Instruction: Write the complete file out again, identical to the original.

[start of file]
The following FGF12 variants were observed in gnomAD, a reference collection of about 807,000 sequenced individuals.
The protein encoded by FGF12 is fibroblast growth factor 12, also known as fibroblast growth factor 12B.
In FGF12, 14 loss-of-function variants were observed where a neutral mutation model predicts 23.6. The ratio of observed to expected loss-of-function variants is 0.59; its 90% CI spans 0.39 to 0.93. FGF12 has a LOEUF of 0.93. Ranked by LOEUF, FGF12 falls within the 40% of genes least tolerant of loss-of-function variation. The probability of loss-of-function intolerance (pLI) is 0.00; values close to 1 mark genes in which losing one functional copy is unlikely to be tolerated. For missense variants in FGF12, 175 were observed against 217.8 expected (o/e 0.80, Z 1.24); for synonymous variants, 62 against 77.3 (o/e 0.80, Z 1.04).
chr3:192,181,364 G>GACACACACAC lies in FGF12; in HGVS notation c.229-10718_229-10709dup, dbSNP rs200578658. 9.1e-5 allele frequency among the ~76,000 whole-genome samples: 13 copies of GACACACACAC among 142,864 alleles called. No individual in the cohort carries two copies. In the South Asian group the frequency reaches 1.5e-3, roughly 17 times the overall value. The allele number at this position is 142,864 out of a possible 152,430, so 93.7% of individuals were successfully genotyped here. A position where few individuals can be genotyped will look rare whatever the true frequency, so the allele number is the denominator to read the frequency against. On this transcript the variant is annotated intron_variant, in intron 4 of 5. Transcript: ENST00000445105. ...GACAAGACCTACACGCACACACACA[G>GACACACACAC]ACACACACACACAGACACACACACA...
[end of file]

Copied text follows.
The following FGF12 variants were observed in gnomAD, a reference collection of about 807,000 sequenced individuals.
The protein encoded by FGF12 is fibroblast growth factor 12, also known as fibroblast growth factor 12B.
In FGF12, 14 loss-of-function variants were observed where a neutral mutation model predicts 23.6. The ratio of observed to expected loss-of-function variants is 0.59; its 90% CI spans 0.39 to 0.93. FGF12 has a LOEUF of 0.93. Ranked by LOEUF, FGF12 falls within the 40% of genes least tolerant of loss-of-function variation. The probability of loss-of-function intolerance (pLI) is 0.00; values close to 1 mark genes in which losing one functional copy is unlikely to be tolerated. For missense variants in FGF12, 175 were observed against 217.8 expected (o/e 0.80, Z 1.24); for synonymous variants, 62 against 77.3 (o/e 0.80, Z 1.04).
chr3:192,181,364 G>GACACACACAC lies in FGF12; in HGVS notation c.229-10718_229-10709dup, dbSNP rs200578658. 9.1e-5 allele frequency among the ~76,000 whole-genome samples: 13 copies of GACACACACAC among 142,864 alleles called. No individual in the cohort carries two copies. In the South Asian group the frequency reaches 1.5e-3, roughly 17 times the overall value. The allele number at this position is 142,864 out of a possible 152,430, so 93.7% of individuals were successfully genotyped here. A position where few individuals can be genotyped will look rare whatever the true frequency, so the allele number is the denominator to read the frequency against. On this transcript the variant is annotated intron_variant, in intron 4 of 5. Transcript: ENST00000445105. ...GACAAGACCTACACGCACACACACA[G>GACACACACAC]ACACACACACACAGACACACACACA...